Janet Foley applies her expertise in inorganic chemistry to study the effects of pollutants in Vermont groundwater, to understand the effects of ocean acidification on coral reefs, and to explore the photochemistry and medicinal applications of gold compounds.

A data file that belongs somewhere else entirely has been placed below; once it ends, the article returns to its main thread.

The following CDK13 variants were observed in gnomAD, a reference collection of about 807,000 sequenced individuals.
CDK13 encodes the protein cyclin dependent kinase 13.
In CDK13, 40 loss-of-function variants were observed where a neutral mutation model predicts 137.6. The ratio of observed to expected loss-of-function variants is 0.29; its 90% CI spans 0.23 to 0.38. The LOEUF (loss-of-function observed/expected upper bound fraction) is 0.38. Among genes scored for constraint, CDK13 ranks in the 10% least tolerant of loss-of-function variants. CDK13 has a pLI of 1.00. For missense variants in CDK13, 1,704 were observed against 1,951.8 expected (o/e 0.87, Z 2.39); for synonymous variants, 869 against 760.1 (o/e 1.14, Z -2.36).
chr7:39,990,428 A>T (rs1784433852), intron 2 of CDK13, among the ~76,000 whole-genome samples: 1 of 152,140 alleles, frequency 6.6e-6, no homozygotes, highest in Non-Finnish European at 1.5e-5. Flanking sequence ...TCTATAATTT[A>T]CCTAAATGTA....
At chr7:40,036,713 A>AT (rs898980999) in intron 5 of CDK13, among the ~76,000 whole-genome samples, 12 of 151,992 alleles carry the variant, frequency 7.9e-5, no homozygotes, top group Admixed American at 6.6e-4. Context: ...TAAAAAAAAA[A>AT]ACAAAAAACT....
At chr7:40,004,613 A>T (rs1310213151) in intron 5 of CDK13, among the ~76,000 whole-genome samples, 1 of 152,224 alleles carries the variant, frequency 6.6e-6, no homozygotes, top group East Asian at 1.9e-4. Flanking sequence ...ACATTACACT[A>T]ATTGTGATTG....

Foley’s publications include “Photochemical Reactivity of Two Gold(I) Dinuclear Complexes, Cis/Trans-(AupNBT)2dppee: Isomerization for Cis-(AupNBT)2dppee Isomer, Radical Substitution for Trans-(AupNBT)2dppee,” Inorganica Chimica Acta, 2012; “Electronic and Steric Effects in Gold(I) Phosphine Complexes,” Metal-Based Drugs, 1994; “An Unprecedented Photochemical Cis to Trans Isomerization of Dinuclear Gold (I) Bis(diphenylphosphino)ethylene Complexes,” Journal of the American Chemistry Society, 1995; “Electrochemical Piezoelectric Sensors for Trace Ionic Contaminants,” 1998, IEEE Transactions on UFFC (Ultrasonics, Feroelectrics and Frequency Control); and “Electronic Structure of Dinuclear Gold(I) Complexes,” Metal-Based Drugs, 1999. Her teaching areas include environmental chemistry, drugs, and natural remedies; she has also done research in the chemistry of gold-phosphine-thiol compounds (similar to drugs used to treat rheumatoid arthritis) and the different chemistry of local water bodies. BA in political science, Fordham University; PhD in inorganic chemistry, University of Maine. Foley has taught at Bennington since 1998.